You’ve probably used GPS today, in ways you don’t even know about.
Of course, your smartphone is a miracle of GPS navigation. It receives data from a network of 31 satellites orbiting about 12,000 miles above us—at least 4 of them are visible from any place on Earth at any time. It uses that data to pinpoint your location to within 10 feet. Pretty amazing.
But there are many other ways that GPS impacts our lives. It helps airline pilots and ship captains stay on course. It helps taxis find their fares and military missions find their targets. And it plays important roles in bank transactions and power grids.
In fact, because the GPS satellite network is even more stable than the shifting surface of the planet, scientists now use it to track continental plate movement.
It shows that Australia moves as fast as fingernails grow, about 3 inches a year, while Hawaii holds the record, moving toward Japan at 4 inches a year.
Geodetic surveys correct GPS coordinates for the shifting earth and send updates to our devices on demand.
And the whole thing is about to get more precise. The next generation of GPS will use both satellite and ground stations to be accurate to within 1 inch.
We’ll need it, as future technologies like driverless cars, delivery drones, and things we can’t even yet imagine, rely on GPS for increasing precision.
Synopsis: The satellite network that informs our GPS system stays in a stable Earth orbit while the tectonic plates that we live on are in constant motion. As a result, coordinate systems have to be occasionally reset and continuously adjusted for GPS to ensure correct locations are provided. These adjustments are becoming more important with advanced technologies that will rely on GPS with 1-inch precision in the future; currently, the resolution is about 10 ft.
- The Global Positioning System (originally Navstar GPS) is owned and operated by the United States.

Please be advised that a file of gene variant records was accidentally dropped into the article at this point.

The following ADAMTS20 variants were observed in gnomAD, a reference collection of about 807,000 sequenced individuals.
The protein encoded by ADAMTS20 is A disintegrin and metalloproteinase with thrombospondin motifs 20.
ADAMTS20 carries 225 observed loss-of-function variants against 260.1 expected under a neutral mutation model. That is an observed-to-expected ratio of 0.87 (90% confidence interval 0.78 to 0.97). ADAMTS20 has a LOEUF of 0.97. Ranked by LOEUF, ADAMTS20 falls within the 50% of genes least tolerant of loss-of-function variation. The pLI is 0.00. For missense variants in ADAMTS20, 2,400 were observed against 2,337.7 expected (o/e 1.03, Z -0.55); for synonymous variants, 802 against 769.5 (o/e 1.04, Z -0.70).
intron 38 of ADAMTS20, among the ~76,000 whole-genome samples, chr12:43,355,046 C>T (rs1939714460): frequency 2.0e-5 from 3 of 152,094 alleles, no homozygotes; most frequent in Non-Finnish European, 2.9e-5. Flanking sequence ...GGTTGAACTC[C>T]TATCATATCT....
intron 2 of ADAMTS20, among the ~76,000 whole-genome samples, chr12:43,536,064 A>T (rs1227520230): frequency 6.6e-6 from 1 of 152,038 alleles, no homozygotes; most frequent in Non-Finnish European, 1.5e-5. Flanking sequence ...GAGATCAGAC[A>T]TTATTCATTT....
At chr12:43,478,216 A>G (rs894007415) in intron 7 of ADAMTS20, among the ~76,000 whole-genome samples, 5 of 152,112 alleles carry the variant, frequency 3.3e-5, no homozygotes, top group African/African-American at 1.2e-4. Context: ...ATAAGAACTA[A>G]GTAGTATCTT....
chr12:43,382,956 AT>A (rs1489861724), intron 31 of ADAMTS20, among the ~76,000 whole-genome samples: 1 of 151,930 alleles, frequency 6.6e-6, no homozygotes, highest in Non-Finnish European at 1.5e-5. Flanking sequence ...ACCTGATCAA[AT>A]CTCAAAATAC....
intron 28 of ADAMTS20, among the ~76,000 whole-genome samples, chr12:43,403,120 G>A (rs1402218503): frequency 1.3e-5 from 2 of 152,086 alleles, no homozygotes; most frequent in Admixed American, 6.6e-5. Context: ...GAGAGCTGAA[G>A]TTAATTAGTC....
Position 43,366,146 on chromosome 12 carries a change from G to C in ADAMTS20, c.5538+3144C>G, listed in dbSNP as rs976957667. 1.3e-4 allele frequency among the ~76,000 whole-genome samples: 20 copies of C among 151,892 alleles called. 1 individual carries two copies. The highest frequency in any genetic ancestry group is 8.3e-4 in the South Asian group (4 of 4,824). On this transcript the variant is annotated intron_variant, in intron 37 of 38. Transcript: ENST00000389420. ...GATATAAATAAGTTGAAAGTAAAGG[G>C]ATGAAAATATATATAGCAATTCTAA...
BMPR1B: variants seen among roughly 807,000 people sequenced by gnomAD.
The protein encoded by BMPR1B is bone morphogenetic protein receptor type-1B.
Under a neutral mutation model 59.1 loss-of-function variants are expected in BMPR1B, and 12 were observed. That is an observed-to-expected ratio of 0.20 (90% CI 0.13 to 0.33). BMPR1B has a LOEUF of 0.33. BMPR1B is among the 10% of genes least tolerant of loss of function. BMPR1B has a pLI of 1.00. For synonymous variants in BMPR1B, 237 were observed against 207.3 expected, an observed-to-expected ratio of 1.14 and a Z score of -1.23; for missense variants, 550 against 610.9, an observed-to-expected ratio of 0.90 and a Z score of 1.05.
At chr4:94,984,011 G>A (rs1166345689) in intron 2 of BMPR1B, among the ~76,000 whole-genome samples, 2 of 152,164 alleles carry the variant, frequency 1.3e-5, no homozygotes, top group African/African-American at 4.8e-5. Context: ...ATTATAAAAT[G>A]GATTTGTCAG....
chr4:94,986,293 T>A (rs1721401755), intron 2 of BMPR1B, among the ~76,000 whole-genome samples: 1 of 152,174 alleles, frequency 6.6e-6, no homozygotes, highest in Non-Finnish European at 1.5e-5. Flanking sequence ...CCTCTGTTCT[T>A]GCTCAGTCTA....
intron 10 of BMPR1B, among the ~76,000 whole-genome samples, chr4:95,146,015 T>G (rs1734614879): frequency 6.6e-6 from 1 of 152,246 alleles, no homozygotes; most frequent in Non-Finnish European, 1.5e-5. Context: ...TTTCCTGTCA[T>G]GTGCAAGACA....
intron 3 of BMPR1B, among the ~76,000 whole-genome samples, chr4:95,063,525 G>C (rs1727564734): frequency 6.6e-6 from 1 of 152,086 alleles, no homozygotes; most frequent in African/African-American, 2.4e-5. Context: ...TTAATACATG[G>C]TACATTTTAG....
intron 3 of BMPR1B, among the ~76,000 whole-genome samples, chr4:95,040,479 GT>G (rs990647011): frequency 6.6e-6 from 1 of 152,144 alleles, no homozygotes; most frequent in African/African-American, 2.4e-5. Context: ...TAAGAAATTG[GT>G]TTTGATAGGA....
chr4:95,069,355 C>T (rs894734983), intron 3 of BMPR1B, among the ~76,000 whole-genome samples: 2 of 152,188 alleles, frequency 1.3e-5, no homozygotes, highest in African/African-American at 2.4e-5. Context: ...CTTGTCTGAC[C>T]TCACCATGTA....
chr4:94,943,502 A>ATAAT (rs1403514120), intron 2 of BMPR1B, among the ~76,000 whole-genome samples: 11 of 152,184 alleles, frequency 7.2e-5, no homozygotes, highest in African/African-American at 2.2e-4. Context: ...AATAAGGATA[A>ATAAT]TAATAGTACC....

- GPS was originally developed by the military in the 1970’s but was not broadly used by the public until the mid-1990’s.
- GPS uses simultaneous signals from several satellites to pinpoint locations on Earth within about 10 ft.
- The GPS constellation has 32 satellites in semi-synchronous orbit—meaning that the satellites rotate twice as fast as Earth does, appearing to circle the planet once a day. Many other communications satellites are geosynchronous, meaning they rotate at the same rate as Earth, appearing to stay in the same place.
- GPS is used for navigation, scientific research, weather forecasting, earthquake monitoring, environmental monitoring, emergency services, and disaster relief.
- GPS is essential to our global-information infrastructure and impacts just about every aspect of our lives, from cell phones to banking systems to power grids to remotely operated vehicles and drones, as well as virtually every facet of U.S. military operations.
- Russia, Europe, China, Japan, and India have global-navigation satellite systems of their own, which, if used along with the GPS constellation of the United States, can increase its accuracy five times, from about 10 ft to about 2 ft.
- The next generation of GPS will be accurate to within 1 inch, using both satellite and ground stations; with this level of precision, GPS will support advanced technologies that we may not yet have thought about.
- Our global-navigation satellite systems are more stable than the constantly moving surface of Earth, so scientists use GPS for many purposes, including measuring the lateral and vertical motion of Earth’s tectonic plates.
- Most plates move less than 1 inch per year, but the speed record goes to the Pacific Plate, where islands like Hawaii are moving toward Japan at 3 to 4 inches per year—about 5 ft every 20 years. The fastest-moving continent is Australia, which moves northward about as fast as fingernails grow, 2.7 inches per year. People in Hawaii and Australia don't feel the motion, but GPS does!
- One place in the United States where people definitely feel the motion is the West Coast of California, including Silicon Valley with its driverless cars. This coast is moving northwest at an average of 1–2 inches per year relative to Sacramento along the San Andreas Fault system.
- Plates can make larger jumps when earthquakes occur; during the March 11, 2011, earthquake in Japan, the island of Honshu moved a full 8 ft eastward, toward Hawaii.
- Scientists at geodetic surveys around the world maintain the systems that track the movement of continents and provide real-time corrections along with satellite-location data to our digital devices each time we pinpoint our location—to ensure we stay on the road! Every few years, they adjust data where needed.